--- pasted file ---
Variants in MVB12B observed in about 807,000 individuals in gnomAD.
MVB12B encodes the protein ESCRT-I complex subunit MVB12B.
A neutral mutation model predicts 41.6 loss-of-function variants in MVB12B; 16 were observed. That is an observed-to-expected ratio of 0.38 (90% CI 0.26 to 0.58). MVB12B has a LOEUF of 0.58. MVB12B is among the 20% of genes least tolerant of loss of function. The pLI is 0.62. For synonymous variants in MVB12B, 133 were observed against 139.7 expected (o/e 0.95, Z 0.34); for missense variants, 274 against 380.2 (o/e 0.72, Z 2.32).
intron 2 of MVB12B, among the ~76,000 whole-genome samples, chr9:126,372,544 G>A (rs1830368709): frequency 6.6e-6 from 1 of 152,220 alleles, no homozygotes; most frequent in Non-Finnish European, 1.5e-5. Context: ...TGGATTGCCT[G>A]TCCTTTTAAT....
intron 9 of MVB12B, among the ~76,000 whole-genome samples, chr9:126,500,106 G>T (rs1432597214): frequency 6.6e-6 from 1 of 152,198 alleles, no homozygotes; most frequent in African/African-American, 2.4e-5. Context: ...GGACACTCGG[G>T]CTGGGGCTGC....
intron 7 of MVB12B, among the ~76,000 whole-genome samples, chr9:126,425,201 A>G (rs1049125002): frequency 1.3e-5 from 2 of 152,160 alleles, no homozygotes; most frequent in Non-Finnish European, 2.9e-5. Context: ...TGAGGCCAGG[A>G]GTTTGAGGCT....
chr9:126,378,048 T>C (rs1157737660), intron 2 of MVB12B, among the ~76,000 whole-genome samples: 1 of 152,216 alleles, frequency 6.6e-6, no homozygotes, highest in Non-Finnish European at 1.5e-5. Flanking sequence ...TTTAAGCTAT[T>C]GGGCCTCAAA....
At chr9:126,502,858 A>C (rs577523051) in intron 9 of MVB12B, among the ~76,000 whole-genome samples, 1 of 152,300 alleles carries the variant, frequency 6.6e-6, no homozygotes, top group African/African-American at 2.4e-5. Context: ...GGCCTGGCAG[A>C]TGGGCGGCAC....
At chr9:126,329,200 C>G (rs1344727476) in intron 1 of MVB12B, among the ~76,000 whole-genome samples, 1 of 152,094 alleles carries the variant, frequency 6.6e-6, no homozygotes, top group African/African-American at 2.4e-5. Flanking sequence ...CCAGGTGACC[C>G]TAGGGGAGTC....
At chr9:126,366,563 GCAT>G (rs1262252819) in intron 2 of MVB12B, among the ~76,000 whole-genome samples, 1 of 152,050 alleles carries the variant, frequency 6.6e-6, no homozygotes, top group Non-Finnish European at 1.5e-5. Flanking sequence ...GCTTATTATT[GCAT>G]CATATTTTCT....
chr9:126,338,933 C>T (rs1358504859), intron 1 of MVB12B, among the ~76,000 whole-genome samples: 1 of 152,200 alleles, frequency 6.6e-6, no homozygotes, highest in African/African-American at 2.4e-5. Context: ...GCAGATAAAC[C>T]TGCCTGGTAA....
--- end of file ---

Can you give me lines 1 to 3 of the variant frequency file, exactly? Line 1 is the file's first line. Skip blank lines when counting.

Variants in MVB12B observed in about 807,000 individuals in gnomAD.
MVB12B encodes the protein ESCRT-I complex subunit MVB12B.
A neutral mutation model predicts 41.6 loss-of-function variants in MVB12B; 16 were observed. That is an observed-to-expected ratio of 0.38 (90% CI 0.26 to 0.58). MVB12B has a LOEUF of 0.58. MVB12B is among the 20% of genes least tolerant of loss of function. The pLI is 0.62. For synonymous variants in MVB12B, 133 were observed against 139.7 expected (o/e 0.95, Z 0.34); for missense variants, 274 against 380.2 (o/e 0.72, Z 2.32).